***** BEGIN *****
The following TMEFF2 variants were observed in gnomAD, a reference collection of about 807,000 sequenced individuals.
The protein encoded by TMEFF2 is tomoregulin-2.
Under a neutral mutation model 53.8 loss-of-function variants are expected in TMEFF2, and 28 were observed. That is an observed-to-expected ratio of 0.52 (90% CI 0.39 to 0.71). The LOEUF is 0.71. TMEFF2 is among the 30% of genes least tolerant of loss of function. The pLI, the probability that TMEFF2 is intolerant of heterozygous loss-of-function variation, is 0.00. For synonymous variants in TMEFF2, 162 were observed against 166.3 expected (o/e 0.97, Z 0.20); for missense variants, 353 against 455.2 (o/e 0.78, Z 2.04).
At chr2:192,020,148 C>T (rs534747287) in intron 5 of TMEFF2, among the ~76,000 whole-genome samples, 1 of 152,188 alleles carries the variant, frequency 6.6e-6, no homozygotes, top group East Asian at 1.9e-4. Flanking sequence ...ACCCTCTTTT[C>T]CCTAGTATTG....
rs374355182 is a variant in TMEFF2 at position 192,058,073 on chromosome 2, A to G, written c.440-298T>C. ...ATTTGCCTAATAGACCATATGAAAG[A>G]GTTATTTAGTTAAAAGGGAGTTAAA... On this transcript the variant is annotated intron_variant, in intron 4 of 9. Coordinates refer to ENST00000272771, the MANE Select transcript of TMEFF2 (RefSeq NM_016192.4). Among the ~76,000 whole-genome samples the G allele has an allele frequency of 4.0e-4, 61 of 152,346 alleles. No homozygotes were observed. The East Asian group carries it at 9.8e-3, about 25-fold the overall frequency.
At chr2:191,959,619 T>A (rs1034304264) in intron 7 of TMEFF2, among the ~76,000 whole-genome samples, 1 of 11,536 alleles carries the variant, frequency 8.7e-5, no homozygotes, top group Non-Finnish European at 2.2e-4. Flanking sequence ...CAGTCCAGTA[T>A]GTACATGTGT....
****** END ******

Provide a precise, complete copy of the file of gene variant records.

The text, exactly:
The following TMEFF2 variants were observed in gnomAD, a reference collection of about 807,000 sequenced individuals.
The protein encoded by TMEFF2 is tomoregulin-2.
Under a neutral mutation model 53.8 loss-of-function variants are expected in TMEFF2, and 28 were observed. That is an observed-to-expected ratio of 0.52 (90% CI 0.39 to 0.71). The LOEUF is 0.71. TMEFF2 is among the 30% of genes least tolerant of loss of function. The pLI, the probability that TMEFF2 is intolerant of heterozygous loss-of-function variation, is 0.00. For synonymous variants in TMEFF2, 162 were observed against 166.3 expected (o/e 0.97, Z 0.20); for missense variants, 353 against 455.2 (o/e 0.78, Z 2.04).
At chr2:192,020,148 C>T (rs534747287) in intron 5 of TMEFF2, among the ~76,000 whole-genome samples, 1 of 152,188 alleles carries the variant, frequency 6.6e-6, no homozygotes, top group East Asian at 1.9e-4. Flanking sequence ...ACCCTCTTTT[C>T]CCTAGTATTG....
rs374355182 is a variant in TMEFF2 at position 192,058,073 on chromosome 2, A to G, written c.440-298T>C. ...ATTTGCCTAATAGACCATATGAAAG[A>G]GTTATTTAGTTAAAAGGGAGTTAAA... On this transcript the variant is annotated intron_variant, in intron 4 of 9. Coordinates refer to ENST00000272771, the MANE Select transcript of TMEFF2 (RefSeq NM_016192.4). Among the ~76,000 whole-genome samples the G allele has an allele frequency of 4.0e-4, 61 of 152,346 alleles. No homozygotes were observed. The East Asian group carries it at 9.8e-3, about 25-fold the overall frequency.
At chr2:191,959,619 T>A (rs1034304264) in intron 7 of TMEFF2, among the ~76,000 whole-genome samples, 1 of 11,536 alleles carries the variant, frequency 8.7e-5, no homozygotes, top group Non-Finnish European at 2.2e-4. Flanking sequence ...CAGTCCAGTA[T>A]GTACATGTGT....